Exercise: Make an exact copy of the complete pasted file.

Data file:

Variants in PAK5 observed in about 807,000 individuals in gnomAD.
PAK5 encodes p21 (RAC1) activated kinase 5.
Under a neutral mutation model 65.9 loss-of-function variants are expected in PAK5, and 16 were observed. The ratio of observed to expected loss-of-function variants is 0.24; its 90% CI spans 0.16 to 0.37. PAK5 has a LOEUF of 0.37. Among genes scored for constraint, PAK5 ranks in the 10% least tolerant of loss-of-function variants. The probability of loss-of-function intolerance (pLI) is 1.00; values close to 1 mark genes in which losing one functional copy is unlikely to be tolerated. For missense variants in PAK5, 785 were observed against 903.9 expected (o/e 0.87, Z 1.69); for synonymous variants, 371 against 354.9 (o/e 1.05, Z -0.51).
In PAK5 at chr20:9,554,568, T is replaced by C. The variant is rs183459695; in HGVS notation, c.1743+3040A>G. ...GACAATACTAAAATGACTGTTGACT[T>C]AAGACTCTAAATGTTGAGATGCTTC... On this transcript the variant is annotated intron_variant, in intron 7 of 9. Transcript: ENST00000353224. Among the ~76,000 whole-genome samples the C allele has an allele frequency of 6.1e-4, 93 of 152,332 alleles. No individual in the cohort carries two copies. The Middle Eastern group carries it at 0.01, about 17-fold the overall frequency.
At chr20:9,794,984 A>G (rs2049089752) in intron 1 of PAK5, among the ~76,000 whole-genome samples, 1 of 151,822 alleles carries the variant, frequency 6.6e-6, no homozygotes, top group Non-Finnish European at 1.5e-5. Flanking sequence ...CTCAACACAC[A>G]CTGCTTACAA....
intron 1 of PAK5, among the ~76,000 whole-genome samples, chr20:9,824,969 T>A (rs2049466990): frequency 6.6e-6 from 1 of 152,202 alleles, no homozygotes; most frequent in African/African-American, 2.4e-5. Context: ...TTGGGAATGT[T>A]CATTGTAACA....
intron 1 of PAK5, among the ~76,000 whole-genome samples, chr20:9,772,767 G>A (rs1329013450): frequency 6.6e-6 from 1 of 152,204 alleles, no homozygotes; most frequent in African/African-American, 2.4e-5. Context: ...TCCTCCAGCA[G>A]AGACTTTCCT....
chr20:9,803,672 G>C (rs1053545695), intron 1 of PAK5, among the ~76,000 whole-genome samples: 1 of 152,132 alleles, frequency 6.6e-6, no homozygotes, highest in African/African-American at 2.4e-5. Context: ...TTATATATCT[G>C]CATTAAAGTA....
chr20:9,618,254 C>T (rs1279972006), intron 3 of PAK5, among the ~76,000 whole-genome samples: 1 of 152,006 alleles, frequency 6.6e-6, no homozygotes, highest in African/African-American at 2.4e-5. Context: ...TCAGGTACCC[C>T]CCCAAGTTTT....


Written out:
Variants in PAK5 observed in about 807,000 individuals in gnomAD.
PAK5 encodes p21 (RAC1) activated kinase 5.
Under a neutral mutation model 65.9 loss-of-function variants are expected in PAK5, and 16 were observed. The ratio of observed to expected loss-of-function variants is 0.24; its 90% CI spans 0.16 to 0.37. PAK5 has a LOEUF of 0.37. Among genes scored for constraint, PAK5 ranks in the 10% least tolerant of loss-of-function variants. The probability of loss-of-function intolerance (pLI) is 1.00; values close to 1 mark genes in which losing one functional copy is unlikely to be tolerated. For missense variants in PAK5, 785 were observed against 903.9 expected (o/e 0.87, Z 1.69); for synonymous variants, 371 against 354.9 (o/e 1.05, Z -0.51).
In PAK5 at chr20:9,554,568, T is replaced by C. The variant is rs183459695; in HGVS notation, c.1743+3040A>G. ...GACAATACTAAAATGACTGTTGACT[T>C]AAGACTCTAAATGTTGAGATGCTTC... On this transcript the variant is annotated intron_variant, in intron 7 of 9. Transcript: ENST00000353224. Among the ~76,000 whole-genome samples the C allele has an allele frequency of 6.1e-4, 93 of 152,332 alleles. No individual in the cohort carries two copies. The Middle Eastern group carries it at 0.01, about 17-fold the overall frequency.
At chr20:9,794,984 A>G (rs2049089752) in intron 1 of PAK5, among the ~76,000 whole-genome samples, 1 of 151,822 alleles carries the variant, frequency 6.6e-6, no homozygotes, top group Non-Finnish European at 1.5e-5. Flanking sequence ...CTCAACACAC[A>G]CTGCTTACAA....
intron 1 of PAK5, among the ~76,000 whole-genome samples, chr20:9,824,969 T>A (rs2049466990): frequency 6.6e-6 from 1 of 152,202 alleles, no homozygotes; most frequent in African/African-American, 2.4e-5. Context: ...TTGGGAATGT[T>A]CATTGTAACA....
intron 1 of PAK5, among the ~76,000 whole-genome samples, chr20:9,772,767 G>A (rs1329013450): frequency 6.6e-6 from 1 of 152,204 alleles, no homozygotes; most frequent in African/African-American, 2.4e-5. Context: ...TCCTCCAGCA[G>A]AGACTTTCCT....
chr20:9,803,672 G>C (rs1053545695), intron 1 of PAK5, among the ~76,000 whole-genome samples: 1 of 152,132 alleles, frequency 6.6e-6, no homozygotes, highest in African/African-American at 2.4e-5. Context: ...TTATATATCT[G>C]CATTAAAGTA....
chr20:9,618,254 C>T (rs1279972006), intron 3 of PAK5, among the ~76,000 whole-genome samples: 1 of 152,006 alleles, frequency 6.6e-6, no homozygotes, highest in African/African-American at 2.4e-5. Context: ...TCAGGTACCC[C>T]CCCAAGTTTT....